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World News

ICC given names of Kenya election crisis suspects

NAIROBI (Reuters) - Kenya’s post-election crisis mediator Kofi Annan said on Thursday he had handed a sealed envelope with the names of top suspects for the violence to the International Criminal Court’s prosecutor.

In this file photo Kikuyu tribe members burn properties belonging to the Luo tribe during ethnic clashes in Naivasha town, 60 km (37 miles) from the capital Nairobi, January 29, 2008. Kenya's post-election crisis mediator Kofi Annan said on Thursday he had handed a sealed envelope with the names of top suspects behind the violence to the International Criminal Court's prosecutor.REUTERS/Antony Njuguna

The move heightens pressure on Kenya’s shaky coalition government to establish quickly a local court or face international justice for the worst bloodletting in the east African nation’s post-independence history.

“Justice delayed is justice denied,” Annan said.

Punishing culprits is a crucial step to ensuring stability in the nation of 35 million that is the region’s economic powerhouse and faces its next poll in 2012, analysts say.

“The people of Kenya want to see concrete progress on impunity. Without such progress, the reconciliation between ethnic groups and the long-term stability of Kenya is in jeopardy,” Annan added in his statement.

His list of at least 10 alleged masterminds of the violence -- in which at least 1,300 people died and 300,000 were uprooted -- names prominent politicians and businessmen, probably including two ministers, local political sources say.

Two months of violence exploded after the December 27, 2007 vote, following a campaign in which politicians openly whipped up supporters along tribal lines, and gangs stocked weapons in anticipation of fighting to come.

Then opposition leader Raila Odinga accused President Mwai Kibaki of stealing the vote. With gangs facing off with machetes and clubs, and security forces opening fire on the streets, Annan brokered a power-sharing pact that eventually ended the violence and made Odinga prime minister.

A government-ordered inquiry, the Waki Commission, had mandated Annan to hand over the envelope, with names of at least 10 alleged masterminds, if no local court was established.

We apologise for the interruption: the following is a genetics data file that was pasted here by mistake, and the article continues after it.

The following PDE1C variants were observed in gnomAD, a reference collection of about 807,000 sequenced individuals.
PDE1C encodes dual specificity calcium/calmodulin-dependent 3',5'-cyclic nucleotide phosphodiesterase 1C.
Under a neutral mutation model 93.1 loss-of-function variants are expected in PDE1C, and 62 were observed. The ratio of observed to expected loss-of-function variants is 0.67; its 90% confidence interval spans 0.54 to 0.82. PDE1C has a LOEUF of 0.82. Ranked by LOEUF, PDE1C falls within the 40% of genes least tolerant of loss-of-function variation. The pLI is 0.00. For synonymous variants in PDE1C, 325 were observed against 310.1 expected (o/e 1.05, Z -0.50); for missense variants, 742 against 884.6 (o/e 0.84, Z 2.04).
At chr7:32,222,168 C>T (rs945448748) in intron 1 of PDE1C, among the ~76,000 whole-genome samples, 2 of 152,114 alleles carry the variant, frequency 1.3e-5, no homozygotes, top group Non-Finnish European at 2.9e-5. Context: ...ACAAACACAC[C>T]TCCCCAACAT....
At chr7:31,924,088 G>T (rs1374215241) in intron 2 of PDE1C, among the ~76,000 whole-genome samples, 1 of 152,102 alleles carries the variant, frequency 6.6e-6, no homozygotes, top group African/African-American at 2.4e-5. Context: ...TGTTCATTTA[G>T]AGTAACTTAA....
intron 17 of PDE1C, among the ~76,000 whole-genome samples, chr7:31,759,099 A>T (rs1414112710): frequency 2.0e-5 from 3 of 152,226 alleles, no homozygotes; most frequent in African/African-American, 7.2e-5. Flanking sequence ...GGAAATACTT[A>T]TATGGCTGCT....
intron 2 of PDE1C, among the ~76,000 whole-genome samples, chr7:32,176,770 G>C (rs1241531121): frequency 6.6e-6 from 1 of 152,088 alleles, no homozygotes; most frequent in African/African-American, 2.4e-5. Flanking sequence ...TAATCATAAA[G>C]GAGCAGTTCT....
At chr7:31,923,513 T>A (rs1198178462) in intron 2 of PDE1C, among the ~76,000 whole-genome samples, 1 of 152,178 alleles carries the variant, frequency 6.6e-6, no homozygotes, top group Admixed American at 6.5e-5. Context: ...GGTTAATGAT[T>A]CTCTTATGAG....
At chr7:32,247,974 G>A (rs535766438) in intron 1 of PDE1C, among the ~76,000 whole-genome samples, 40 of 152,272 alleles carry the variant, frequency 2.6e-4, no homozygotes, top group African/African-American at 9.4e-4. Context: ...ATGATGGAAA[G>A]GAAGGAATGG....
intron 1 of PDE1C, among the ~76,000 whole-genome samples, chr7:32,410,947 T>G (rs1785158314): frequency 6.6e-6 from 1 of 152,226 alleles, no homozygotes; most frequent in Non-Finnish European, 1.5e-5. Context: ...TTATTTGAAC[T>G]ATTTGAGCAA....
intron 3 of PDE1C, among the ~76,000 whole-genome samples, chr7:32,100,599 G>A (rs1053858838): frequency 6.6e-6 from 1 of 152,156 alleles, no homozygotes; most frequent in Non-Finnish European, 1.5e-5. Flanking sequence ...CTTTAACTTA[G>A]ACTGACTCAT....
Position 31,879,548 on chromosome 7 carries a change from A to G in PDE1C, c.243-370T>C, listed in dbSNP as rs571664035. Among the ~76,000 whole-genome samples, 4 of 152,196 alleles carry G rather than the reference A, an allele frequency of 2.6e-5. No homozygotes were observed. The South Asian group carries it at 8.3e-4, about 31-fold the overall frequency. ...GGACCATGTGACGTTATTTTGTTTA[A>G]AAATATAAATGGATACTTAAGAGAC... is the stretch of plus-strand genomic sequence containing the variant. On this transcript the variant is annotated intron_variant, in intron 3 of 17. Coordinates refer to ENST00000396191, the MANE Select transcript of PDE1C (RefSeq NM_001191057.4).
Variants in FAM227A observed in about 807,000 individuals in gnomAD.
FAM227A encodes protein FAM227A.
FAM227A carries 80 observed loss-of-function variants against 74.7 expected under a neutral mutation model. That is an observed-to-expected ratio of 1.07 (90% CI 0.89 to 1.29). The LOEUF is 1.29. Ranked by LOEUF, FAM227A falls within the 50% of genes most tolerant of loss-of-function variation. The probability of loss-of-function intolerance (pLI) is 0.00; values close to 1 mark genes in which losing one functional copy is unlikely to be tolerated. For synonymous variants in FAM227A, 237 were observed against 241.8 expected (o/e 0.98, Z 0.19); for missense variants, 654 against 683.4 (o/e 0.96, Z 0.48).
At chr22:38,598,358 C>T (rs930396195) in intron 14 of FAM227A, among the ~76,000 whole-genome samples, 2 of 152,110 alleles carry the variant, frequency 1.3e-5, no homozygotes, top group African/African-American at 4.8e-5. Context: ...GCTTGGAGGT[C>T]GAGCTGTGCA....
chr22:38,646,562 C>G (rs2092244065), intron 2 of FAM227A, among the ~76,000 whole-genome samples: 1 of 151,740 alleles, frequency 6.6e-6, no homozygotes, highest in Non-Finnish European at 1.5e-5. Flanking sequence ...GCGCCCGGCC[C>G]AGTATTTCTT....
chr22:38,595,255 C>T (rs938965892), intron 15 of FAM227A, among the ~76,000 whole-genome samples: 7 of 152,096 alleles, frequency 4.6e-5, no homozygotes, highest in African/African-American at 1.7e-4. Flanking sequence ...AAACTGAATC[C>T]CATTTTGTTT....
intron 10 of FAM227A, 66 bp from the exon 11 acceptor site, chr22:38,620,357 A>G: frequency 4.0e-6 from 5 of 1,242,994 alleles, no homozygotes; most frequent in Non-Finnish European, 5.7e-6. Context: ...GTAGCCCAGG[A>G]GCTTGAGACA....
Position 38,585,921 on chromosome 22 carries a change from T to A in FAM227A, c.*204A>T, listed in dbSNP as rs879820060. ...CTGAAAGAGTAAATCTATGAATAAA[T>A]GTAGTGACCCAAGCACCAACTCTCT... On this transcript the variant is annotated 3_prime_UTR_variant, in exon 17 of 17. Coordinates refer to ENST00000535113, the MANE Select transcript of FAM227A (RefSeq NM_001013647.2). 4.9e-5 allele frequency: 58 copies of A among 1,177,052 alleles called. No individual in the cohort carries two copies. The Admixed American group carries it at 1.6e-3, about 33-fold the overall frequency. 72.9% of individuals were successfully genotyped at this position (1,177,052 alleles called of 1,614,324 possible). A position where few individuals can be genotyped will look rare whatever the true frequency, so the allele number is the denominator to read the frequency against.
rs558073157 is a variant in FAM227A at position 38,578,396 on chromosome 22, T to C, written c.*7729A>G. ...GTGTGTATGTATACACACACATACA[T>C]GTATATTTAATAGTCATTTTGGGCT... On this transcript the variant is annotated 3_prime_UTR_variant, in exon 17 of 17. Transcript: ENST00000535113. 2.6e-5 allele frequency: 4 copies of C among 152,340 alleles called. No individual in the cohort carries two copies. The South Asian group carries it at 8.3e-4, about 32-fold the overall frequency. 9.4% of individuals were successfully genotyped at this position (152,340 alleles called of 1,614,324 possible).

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Kenyan officials told the ICC last week that they would submit a plan for a local court by September, so Annan’s move will ramp up the pressure for that to happen.

NAMES WITH PROSECUTOR

A statement from Annan in Geneva said he had informed both Kibaki and Odinga that the envelope’s contents had been transmitted to ICC prosecutor Luis Moreno-Ocampo.

The former U.N. boss “welcomed the government of Kenya’s renewed efforts to implement the recommendations of the Waki Commission and to establish a Special Tribunal,” it said.

“Any judicial mechanism adopted to bring the perpetrators of the post-election violence to justice must meet international legal standards and be broadly debated with all sectors of the Kenyan society in order to bring credibility to the process.”

Kenya’s parliament has blocked previous attempts by Kibaki and Odinga to create a local court.

While some legislators opposed the court out of self-interest, analysts say, others did so on grounds it would be doomed to go the way of past inquiries in Kenya and fail to prosecute anyone.

The ICC’s Moreno-Ocampo told Reuters this week it may take Kenya about a year to establish a tribunal if it agrees to do so in principle. “If Kenya cannot do it, I will do it. There will be no impunity,” he said.

The issue of justice for the 2008 violence is among various problems straining the Kibaki-Odinga coalition.

While both men support a local court, many of their officials and supporters do not, arguing it could be used for political vendetta rather than genuine justice.

The coalition has managed to hold the peace, but has been dogged by squabbling and dragged on political reforms.

Editing by Wangui Kanina

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